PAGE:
|Crime and Punishment: Wych, Andrews and Williams|
by Bill McCann
London’s streets have always been crime-ridden. This series presents the tales of some of the individuals convicted of crimes, small and great, at the Middlesex and London assizes, Star Chamber, Court of Aldermen, etc. and their subsequent fate. Tyburn and Newgate are words that are resonant with the extremes of punishment in the 18th and 19th centuries and, naturally, both loom large in the series. However, there will also be articles on some of the more famous crimes in London’s more recent history.
Crime and Punishment: Wych, Andrews and Williams
by Bill McCann
George Wych, Thomas Andrews alias Anderton, William Williams, all three convicted for robberies on the high-way at the Old Bailey on February 25th 1731 and hanged in early March.
George Wych was near 18 years old, of a good family, brought up at Westminster school, which leaving, he joined himself with whores, thieves, and such like other abandoned wretches, gaming away his money and sometimes his clothes; at last he ran away from his mother, his father being beyond sea, and never appeared again till taken up for two robberies. He seemed to have but little contrition but what proceeded from the near approach of death.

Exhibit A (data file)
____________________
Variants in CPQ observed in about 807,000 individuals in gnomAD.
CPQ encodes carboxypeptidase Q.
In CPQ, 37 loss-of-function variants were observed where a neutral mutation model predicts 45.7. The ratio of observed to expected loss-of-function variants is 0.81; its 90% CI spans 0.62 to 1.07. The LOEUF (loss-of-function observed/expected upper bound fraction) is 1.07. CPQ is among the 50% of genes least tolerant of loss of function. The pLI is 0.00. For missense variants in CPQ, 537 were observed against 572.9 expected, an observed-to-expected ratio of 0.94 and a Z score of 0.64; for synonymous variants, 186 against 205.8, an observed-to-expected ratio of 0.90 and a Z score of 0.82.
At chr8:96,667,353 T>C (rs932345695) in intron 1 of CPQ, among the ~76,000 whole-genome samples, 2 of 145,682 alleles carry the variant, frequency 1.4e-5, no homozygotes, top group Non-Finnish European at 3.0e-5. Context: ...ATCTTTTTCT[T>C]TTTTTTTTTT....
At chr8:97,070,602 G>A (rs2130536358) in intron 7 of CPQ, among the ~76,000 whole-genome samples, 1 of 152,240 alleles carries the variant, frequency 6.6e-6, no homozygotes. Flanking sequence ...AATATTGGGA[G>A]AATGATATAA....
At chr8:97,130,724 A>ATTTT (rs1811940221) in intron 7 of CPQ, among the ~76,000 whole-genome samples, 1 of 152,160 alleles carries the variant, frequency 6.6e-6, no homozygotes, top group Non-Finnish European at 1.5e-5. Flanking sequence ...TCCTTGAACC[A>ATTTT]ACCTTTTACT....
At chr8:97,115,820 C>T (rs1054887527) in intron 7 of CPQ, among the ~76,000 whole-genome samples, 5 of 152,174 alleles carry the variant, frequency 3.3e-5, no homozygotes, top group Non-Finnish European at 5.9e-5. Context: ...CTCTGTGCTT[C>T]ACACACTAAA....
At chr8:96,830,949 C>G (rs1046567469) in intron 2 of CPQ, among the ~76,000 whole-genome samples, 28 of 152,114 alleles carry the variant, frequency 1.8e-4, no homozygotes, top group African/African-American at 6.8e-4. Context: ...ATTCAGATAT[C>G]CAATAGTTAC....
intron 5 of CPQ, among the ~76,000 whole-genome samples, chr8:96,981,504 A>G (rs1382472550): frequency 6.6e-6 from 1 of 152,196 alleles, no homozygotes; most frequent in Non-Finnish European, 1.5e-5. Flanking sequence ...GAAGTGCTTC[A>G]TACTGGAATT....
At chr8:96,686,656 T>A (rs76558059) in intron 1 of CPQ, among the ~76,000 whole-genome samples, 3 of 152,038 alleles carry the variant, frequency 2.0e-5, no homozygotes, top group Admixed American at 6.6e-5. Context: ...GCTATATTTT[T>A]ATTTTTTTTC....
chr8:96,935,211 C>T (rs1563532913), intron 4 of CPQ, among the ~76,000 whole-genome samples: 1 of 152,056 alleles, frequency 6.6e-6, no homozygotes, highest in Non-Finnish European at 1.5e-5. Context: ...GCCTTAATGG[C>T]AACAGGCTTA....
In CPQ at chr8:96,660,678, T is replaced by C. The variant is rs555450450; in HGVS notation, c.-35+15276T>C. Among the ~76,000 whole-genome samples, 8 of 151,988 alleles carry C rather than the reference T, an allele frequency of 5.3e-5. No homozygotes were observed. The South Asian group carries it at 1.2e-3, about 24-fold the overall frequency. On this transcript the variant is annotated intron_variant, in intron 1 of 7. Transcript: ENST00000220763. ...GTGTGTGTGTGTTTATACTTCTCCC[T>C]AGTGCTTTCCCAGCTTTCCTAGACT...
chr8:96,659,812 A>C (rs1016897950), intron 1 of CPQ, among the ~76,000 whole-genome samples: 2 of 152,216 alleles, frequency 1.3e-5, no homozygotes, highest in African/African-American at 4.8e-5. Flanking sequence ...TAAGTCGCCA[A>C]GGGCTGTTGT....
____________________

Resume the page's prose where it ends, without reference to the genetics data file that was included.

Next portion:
Thomas Andrews, alias Anderton, aged 19 and born in Worcestershire was Wych’s companion and suffered for the same crime, and had much the same character with his associated, both in life and death.
William Williams, aged 30, born in Yorkshire, and partner with the other two in the same crimes; said his business was to travel the country as a chapman; that the cause of this misfortune was poverty which he was reduced to by his wife’s sickness; and that he was in a manner forced into this action by the curses, threats and imprecations of his companions and fellow sufferers. For which he was heartily sorry and forgave all injuries done him.